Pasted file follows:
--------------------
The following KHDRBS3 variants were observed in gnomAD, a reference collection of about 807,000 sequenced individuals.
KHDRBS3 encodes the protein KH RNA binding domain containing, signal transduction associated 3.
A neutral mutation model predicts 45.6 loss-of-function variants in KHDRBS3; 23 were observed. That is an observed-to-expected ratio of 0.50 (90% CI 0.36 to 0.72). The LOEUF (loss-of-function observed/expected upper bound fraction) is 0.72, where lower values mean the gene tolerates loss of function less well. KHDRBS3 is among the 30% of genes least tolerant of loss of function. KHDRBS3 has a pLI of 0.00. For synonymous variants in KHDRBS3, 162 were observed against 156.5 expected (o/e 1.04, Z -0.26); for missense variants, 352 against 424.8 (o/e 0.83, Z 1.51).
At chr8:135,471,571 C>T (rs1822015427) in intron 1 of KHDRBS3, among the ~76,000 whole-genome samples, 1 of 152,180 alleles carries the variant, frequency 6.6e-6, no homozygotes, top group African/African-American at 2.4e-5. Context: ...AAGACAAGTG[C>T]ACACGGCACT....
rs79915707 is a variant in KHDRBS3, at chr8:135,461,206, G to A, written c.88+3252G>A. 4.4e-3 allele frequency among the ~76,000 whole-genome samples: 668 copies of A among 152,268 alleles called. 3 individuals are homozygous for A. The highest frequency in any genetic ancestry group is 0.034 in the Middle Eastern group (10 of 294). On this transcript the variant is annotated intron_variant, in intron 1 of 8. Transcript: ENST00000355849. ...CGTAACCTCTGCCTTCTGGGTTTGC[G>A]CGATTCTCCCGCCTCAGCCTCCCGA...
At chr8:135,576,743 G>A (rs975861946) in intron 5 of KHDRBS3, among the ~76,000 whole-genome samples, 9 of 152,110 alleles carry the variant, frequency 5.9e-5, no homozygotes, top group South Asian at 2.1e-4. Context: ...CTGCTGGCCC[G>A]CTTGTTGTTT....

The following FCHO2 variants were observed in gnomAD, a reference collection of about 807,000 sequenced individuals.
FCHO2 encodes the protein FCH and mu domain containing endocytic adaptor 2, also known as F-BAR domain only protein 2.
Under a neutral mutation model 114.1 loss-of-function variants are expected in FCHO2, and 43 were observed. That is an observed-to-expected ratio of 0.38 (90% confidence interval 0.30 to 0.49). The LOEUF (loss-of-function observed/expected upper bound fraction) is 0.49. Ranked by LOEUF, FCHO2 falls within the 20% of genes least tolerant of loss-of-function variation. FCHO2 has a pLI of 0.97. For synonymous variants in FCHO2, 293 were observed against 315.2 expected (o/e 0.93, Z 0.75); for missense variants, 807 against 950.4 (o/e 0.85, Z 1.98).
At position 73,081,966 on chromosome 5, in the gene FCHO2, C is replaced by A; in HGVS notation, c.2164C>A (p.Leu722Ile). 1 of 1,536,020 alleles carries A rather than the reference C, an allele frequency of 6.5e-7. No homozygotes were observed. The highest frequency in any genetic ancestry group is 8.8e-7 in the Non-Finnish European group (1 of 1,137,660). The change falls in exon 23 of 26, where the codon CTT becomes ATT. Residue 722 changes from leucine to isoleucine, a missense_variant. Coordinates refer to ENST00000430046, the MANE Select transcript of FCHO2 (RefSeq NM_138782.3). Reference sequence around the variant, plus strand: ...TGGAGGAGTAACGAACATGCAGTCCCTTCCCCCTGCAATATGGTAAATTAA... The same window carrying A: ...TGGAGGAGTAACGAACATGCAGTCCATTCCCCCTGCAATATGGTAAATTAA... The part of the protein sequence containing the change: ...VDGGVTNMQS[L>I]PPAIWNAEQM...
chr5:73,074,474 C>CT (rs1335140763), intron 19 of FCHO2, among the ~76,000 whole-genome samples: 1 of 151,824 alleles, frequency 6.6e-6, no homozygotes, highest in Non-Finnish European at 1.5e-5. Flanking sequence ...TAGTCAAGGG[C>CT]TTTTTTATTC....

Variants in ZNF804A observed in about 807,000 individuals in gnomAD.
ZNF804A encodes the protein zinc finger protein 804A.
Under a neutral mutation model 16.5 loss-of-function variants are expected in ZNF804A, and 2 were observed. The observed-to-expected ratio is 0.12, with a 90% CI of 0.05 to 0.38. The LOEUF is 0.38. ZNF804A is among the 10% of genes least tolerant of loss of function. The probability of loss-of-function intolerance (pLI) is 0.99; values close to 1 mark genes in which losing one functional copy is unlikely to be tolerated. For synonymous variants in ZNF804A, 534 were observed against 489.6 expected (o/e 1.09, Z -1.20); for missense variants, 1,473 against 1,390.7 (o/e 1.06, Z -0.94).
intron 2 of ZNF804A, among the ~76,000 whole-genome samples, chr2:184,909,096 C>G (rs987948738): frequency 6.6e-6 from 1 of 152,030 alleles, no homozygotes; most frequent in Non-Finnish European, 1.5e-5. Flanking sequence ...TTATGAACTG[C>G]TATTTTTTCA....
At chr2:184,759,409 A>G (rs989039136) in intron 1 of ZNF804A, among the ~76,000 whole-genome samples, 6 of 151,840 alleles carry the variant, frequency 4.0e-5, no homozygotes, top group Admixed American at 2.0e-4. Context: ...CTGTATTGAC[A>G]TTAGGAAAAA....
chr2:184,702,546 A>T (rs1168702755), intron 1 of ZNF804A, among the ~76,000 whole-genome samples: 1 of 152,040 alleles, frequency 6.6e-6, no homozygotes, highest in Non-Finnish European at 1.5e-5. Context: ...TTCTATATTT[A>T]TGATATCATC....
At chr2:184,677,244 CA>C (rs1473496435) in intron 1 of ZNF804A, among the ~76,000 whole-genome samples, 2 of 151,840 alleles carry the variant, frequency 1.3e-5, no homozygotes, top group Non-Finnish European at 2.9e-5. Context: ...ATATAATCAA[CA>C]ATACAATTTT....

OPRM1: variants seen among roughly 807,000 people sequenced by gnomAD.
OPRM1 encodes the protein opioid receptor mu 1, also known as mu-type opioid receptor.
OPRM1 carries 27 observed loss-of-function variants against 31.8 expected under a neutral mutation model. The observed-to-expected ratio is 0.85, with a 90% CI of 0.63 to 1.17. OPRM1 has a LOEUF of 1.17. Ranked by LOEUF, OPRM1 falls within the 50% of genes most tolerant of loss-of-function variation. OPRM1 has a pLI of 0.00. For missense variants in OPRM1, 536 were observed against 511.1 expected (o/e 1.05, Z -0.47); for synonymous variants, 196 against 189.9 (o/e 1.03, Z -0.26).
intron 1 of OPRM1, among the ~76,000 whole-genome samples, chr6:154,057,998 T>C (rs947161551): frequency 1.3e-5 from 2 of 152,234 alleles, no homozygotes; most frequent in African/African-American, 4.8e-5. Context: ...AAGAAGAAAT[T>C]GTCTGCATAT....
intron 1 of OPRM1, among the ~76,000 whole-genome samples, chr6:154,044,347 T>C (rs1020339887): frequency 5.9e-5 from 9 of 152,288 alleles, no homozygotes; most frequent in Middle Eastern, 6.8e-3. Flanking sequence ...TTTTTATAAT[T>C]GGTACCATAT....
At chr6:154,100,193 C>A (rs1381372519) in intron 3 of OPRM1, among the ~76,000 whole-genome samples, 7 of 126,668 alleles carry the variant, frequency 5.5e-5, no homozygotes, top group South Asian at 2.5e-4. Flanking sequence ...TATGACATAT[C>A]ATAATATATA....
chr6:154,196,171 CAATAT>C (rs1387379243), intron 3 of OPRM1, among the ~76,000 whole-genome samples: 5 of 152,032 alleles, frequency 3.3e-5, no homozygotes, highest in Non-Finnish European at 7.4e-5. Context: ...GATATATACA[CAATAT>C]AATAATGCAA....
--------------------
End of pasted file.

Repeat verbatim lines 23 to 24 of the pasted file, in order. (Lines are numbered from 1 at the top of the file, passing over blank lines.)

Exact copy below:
intron 1 of OPRM1, among the ~76,000 whole-genome samples, chr6:154,044,347 T>C (rs1020339887): frequency 5.9e-5 from 9 of 152,288 alleles, no homozygotes; most frequent in Middle Eastern, 6.8e-3. Flanking sequence ...TTTTTATAAT[T>C]GGTACCATAT....
At chr6:154,100,193 C>A (rs1381372519) in intron 3 of OPRM1, among the ~76,000 whole-genome samples, 7 of 126,668 alleles carry the variant, frequency 5.5e-5, no homozygotes, top group South Asian at 2.5e-4. Flanking sequence ...TATGACATAT[C>A]ATAATATATA....